Who should control the budget?

Written by
  • tarikn
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Who is really ruling the country? Is it the political party with the most ministerial seats, or the one with the most influential ones? And how do we measure the relative weight of a ministry?

Morocco’s government, as in many countries around the globe, consists of a coalition of political parties. Unlike the United States, no single party controls the government alone, which leaves the opportunity for negotiations and maneuvers to split the ministerial seats. For example, the Istiqlal Party recently began criticizing the draft of the 2014 budget law, despite having earlier authored it before deciding to leave the government and switch to the opposition.

In the political lingo, democracy is to many people synonymous to ‘number of seats’. We are becoming familiar with terms such as ‘majority’ or ‘minority’ based on the number of ‘seats’ of the parliament. Last month, the Moroccan Head of Government, Mr. Benkirane, negotiated the formation of a new coalition government. His party, PJD, kept most of the ministerial seats since they were the majority party. Yet it was disturbing to analyze the budget data distributed by ministers’ political party affiliation: Only 8% of the budget spending is directly controlled by the Ministers of the majority political party. More than half of the budget is under ministers with no political affiliation (e.g. Ministry of Interior, Ministry of Education, Ministry of Agriculture).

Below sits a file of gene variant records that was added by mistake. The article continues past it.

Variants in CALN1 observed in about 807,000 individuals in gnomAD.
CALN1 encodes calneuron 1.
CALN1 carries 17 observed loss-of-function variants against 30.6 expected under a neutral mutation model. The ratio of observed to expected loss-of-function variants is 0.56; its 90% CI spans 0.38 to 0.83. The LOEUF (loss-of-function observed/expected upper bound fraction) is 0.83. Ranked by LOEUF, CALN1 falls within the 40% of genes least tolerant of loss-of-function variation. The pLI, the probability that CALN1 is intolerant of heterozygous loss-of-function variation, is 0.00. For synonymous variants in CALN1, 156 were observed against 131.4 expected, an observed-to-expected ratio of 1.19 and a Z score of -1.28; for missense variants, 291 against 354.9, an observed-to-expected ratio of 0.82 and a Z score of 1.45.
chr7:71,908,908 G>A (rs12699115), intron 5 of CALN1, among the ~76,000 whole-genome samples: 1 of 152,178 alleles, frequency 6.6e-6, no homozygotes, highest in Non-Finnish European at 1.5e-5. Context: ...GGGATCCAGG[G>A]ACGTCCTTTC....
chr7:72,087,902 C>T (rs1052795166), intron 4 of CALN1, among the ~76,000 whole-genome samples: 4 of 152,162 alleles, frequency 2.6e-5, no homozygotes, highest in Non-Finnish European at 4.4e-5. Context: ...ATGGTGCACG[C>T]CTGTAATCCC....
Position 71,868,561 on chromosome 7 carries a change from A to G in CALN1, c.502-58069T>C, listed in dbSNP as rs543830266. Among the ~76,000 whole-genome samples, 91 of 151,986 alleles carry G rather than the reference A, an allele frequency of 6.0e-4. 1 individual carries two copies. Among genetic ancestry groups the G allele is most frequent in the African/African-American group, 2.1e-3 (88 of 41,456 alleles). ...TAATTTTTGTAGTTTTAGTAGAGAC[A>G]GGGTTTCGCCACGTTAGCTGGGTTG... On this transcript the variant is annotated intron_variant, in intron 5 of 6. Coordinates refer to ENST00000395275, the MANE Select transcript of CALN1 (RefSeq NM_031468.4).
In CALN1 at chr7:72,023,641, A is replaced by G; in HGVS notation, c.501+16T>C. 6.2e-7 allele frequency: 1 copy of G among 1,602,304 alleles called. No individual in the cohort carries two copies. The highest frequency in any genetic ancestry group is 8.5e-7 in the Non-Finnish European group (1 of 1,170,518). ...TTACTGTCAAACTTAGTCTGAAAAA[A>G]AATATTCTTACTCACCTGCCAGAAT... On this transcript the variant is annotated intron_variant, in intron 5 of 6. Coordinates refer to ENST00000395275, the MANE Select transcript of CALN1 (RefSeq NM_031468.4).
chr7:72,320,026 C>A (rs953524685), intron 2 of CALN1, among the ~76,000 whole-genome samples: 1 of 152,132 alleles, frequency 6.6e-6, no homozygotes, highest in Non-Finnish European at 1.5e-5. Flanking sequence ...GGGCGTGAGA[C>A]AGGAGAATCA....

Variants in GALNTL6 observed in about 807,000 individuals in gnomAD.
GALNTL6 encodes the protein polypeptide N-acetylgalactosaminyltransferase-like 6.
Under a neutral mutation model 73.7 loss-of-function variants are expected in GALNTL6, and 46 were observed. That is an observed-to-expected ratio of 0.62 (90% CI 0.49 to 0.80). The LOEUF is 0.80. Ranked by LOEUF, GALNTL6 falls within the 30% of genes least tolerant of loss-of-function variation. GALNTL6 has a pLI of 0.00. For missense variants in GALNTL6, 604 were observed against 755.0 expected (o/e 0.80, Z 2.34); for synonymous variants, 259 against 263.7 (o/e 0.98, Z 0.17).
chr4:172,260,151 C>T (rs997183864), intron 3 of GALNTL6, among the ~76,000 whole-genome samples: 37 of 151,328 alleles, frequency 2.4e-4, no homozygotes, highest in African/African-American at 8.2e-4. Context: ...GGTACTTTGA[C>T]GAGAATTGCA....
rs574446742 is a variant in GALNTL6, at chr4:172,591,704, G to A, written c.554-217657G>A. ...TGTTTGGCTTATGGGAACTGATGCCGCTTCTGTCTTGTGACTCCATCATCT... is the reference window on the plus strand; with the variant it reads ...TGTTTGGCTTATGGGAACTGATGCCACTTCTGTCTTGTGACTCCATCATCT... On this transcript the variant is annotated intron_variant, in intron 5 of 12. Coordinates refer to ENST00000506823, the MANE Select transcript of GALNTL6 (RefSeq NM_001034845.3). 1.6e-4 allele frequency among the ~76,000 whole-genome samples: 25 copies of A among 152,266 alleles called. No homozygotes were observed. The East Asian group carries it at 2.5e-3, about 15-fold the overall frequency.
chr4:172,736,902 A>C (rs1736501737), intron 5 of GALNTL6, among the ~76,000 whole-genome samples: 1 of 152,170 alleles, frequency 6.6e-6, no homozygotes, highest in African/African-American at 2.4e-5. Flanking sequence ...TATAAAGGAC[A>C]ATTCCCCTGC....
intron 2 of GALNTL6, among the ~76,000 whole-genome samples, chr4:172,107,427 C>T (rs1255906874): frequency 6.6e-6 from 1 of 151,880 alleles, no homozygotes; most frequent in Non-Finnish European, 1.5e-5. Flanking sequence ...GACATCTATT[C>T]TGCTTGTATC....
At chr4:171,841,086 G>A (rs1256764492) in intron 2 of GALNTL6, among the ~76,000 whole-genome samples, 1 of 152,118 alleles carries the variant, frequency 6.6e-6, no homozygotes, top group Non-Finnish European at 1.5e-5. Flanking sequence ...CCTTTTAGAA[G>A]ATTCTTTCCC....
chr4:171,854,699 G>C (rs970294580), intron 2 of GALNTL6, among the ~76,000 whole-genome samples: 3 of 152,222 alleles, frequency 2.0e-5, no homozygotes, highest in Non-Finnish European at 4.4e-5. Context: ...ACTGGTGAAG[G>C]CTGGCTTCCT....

One would wonder if the citizen should have any voice on who shall control the budget. Today, we are asking citizens to get engaged on democratic practices, vote for the best profiles and programs, and accept the rule of the majority. Though the majority party has most of the ministerial seats, they have no power over the economic agenda. Is this a matter of concern? Are there any international practices for tying the citizens’ vote with budget control?

The budget discussion raises new questions about the meaning of representative democracy. These questions and others are warranting the distrust of politics in Morocco and the call for more transparency and accountability.